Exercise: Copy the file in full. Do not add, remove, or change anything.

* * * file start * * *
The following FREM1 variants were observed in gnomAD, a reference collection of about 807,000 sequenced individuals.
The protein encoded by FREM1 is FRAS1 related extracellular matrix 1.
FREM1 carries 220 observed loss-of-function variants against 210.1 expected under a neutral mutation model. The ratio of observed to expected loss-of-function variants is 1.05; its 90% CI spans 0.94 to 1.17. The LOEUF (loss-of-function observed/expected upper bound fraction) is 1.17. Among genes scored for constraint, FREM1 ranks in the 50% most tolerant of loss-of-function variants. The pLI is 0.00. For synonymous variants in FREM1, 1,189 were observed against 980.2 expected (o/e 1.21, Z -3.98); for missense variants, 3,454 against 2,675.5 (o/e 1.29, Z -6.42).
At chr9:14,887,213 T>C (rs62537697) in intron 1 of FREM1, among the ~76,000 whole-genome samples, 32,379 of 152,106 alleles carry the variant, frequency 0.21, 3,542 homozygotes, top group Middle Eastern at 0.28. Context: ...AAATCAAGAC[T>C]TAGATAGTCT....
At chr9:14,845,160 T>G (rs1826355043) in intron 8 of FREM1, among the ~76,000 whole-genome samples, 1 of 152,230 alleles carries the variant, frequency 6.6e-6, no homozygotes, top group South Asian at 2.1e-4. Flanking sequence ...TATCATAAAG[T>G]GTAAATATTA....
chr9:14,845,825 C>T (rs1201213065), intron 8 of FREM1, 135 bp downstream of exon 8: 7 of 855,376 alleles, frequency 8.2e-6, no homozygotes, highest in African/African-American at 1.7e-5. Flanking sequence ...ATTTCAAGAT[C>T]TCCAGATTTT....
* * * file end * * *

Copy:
The following FREM1 variants were observed in gnomAD, a reference collection of about 807,000 sequenced individuals.
The protein encoded by FREM1 is FRAS1 related extracellular matrix 1.
FREM1 carries 220 observed loss-of-function variants against 210.1 expected under a neutral mutation model. The ratio of observed to expected loss-of-function variants is 1.05; its 90% CI spans 0.94 to 1.17. The LOEUF (loss-of-function observed/expected upper bound fraction) is 1.17. Among genes scored for constraint, FREM1 ranks in the 50% most tolerant of loss-of-function variants. The pLI is 0.00. For synonymous variants in FREM1, 1,189 were observed against 980.2 expected (o/e 1.21, Z -3.98); for missense variants, 3,454 against 2,675.5 (o/e 1.29, Z -6.42).
At chr9:14,887,213 T>C (rs62537697) in intron 1 of FREM1, among the ~76,000 whole-genome samples, 32,379 of 152,106 alleles carry the variant, frequency 0.21, 3,542 homozygotes, top group Middle Eastern at 0.28. Context: ...AAATCAAGAC[T>C]TAGATAGTCT....
At chr9:14,845,160 T>G (rs1826355043) in intron 8 of FREM1, among the ~76,000 whole-genome samples, 1 of 152,230 alleles carries the variant, frequency 6.6e-6, no homozygotes, top group South Asian at 2.1e-4. Flanking sequence ...TATCATAAAG[T>G]GTAAATATTA....
chr9:14,845,825 C>T (rs1201213065), intron 8 of FREM1, 135 bp downstream of exon 8: 7 of 855,376 alleles, frequency 8.2e-6, no homozygotes, highest in African/African-American at 1.7e-5. Flanking sequence ...ATTTCAAGAT[C>T]TCCAGATTTT....